Welcome to my journey towards accepting forgiveness.
My husband didn't wrong me, neither did any of my close friends and neither not my family. My home life with my family is wonderful, my husband and children are my life and I would probably drop dead without all of them. I have been wronged by someone I didn't know very well, and the harm that was created was and continues to be devastating. The effects are life long and cannot be undone. What has been done is done, it is what it is. Now what?
Something I am really struggling with right now is the art of true forgiveness. Perhaps I am struggling with this because, until recently, I had never been wronged to the point where forgiveness was questionable. Sure, people have said hurtful things to me, and people have been rude but I've never been so hurt and devastated that I could not immediately forgive the guilty party. Until now. Prior to today, I had planned on not forgiving. Sure, I said I would forgive, but it wasn't an honest response, it was a standard, textbook response to someone saying, "I'm sorry." When someone says those words, you tend to automatically respond with, "It's okay, no problem, of course I forgive you." My acceptance of the apology was an empty as the apology itself. I have been told "I'm sorry" so many times over the past several weeks, that I'm numb to the words.The words mean nothing when the actions of the individual apologizing continue to be devastating.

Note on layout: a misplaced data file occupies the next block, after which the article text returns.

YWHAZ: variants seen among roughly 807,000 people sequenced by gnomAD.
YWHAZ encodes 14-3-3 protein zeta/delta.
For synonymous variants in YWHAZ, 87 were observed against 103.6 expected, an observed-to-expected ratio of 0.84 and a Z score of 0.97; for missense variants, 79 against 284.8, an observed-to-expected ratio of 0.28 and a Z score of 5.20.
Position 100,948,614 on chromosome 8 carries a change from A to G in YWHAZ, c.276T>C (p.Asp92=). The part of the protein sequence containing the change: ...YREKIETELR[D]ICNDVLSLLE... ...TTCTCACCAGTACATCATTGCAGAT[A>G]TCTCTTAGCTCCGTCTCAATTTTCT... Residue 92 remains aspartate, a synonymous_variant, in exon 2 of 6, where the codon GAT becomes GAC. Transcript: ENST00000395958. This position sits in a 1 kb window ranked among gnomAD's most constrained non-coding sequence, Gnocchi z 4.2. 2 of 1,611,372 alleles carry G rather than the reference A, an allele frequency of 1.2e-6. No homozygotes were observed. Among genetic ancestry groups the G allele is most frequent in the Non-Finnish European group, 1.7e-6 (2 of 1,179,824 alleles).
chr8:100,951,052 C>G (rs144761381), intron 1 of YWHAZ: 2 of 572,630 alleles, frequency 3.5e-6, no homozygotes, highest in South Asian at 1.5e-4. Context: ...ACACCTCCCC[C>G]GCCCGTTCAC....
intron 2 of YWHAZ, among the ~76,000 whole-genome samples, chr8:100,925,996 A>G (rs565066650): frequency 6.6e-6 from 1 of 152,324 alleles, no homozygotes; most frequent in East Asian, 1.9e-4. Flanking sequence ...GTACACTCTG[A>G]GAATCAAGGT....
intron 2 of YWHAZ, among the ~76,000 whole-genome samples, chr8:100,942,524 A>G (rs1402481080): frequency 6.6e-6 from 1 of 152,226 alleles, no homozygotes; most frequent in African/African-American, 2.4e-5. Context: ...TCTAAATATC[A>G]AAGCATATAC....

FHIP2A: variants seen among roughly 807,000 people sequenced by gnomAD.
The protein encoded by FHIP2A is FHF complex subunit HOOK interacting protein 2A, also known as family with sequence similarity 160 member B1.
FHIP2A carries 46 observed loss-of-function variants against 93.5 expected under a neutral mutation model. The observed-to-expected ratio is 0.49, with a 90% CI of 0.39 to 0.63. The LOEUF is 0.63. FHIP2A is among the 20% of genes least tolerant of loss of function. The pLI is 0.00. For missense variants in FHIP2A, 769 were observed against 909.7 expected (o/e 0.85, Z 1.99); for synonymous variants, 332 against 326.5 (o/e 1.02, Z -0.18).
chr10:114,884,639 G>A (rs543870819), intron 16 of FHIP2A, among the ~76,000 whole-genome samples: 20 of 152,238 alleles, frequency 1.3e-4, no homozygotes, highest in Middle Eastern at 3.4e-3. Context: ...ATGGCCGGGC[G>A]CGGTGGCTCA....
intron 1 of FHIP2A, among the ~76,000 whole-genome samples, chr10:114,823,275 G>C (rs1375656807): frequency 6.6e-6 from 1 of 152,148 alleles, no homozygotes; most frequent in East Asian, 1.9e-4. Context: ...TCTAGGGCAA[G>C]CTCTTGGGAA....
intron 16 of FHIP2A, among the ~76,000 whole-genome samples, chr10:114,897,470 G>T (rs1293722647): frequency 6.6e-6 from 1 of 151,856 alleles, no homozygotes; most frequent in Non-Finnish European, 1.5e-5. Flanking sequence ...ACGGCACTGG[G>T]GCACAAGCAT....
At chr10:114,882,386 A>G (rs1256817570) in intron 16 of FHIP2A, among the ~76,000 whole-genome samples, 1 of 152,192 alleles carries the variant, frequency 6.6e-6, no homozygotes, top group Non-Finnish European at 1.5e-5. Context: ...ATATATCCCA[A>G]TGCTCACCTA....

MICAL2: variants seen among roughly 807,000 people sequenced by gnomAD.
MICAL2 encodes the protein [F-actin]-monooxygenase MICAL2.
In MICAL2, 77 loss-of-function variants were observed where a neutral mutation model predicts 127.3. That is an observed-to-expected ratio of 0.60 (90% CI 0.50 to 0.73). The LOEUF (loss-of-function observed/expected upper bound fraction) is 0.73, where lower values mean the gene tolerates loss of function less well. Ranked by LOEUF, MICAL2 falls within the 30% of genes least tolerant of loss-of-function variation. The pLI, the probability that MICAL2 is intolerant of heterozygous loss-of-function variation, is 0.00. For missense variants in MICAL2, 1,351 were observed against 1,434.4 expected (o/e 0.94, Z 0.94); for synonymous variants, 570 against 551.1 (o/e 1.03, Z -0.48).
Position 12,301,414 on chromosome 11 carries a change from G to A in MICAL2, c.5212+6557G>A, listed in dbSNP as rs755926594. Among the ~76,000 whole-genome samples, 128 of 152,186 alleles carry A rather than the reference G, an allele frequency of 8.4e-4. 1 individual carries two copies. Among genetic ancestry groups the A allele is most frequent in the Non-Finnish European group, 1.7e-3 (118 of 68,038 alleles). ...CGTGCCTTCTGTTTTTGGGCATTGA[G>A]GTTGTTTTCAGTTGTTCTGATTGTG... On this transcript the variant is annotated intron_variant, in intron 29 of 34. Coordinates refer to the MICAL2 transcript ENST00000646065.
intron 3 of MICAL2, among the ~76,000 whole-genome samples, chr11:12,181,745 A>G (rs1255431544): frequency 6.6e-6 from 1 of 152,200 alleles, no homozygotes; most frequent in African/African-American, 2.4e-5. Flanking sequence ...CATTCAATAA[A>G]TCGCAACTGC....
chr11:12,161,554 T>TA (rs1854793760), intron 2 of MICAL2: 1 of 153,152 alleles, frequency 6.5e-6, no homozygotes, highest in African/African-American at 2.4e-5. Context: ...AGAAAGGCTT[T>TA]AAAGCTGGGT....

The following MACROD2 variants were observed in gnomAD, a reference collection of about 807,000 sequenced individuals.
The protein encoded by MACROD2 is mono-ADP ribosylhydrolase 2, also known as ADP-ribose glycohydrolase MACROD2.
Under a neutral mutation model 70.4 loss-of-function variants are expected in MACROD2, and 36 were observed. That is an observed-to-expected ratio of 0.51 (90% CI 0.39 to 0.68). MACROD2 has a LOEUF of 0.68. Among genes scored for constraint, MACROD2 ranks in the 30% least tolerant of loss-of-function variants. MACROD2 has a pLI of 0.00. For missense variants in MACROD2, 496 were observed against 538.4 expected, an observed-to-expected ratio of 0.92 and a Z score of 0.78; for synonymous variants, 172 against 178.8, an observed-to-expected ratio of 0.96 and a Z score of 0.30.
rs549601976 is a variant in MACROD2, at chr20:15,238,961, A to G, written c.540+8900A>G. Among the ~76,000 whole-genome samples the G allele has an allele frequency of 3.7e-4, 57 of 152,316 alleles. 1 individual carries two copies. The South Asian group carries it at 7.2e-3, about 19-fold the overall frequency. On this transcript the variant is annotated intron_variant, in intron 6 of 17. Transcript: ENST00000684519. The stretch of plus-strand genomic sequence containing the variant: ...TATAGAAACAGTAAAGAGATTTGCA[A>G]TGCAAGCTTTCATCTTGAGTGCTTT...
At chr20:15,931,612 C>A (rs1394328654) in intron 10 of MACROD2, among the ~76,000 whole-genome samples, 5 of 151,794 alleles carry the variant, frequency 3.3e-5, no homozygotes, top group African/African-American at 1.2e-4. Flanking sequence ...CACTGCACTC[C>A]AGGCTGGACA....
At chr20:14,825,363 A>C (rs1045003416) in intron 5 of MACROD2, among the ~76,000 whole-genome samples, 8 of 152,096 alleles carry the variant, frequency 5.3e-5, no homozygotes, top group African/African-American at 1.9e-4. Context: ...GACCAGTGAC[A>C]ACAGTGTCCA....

As part of my journey toward forgiveness, I started reading about forgiveness. According to Wikipedia, forgiveness "...is the renunciation or cessation of resentment, indignation or anger as a result of a perceived offense, disagreement, or mistake or ceasing to demand punishment or retaliation."
Hmmm, I'm so not there, yet. While I do not want punishment nor do I wish for retaliation, I am resentful and bitter. I am woman enough to admit that.
As it so happens, yesterday's topic in my son's Sunday School class was forgiveness. It could not have come at a better time. My husband and I really needed to hear about the act of forgiveness from a spiritual standpoint. I'm definitely lacking in my Biblical knowledge, but the story of Joseph and his brothers hit home. Joseph was horribly wronged by his own flesh and blood. He was beaten and thrown into a cistern, then eventually sold into slavery. Many years later, Joseph showed compassion to his brothers by basically supporting them in their time of need. He could have easily had them killed, but he chose mercy.
The story of Joseph was powerful and deeply meaningful for me. You don't need to be a practicing Christian or even religious at all to appreciate the message.
Next Monday: The Health Benefits of Forgiveness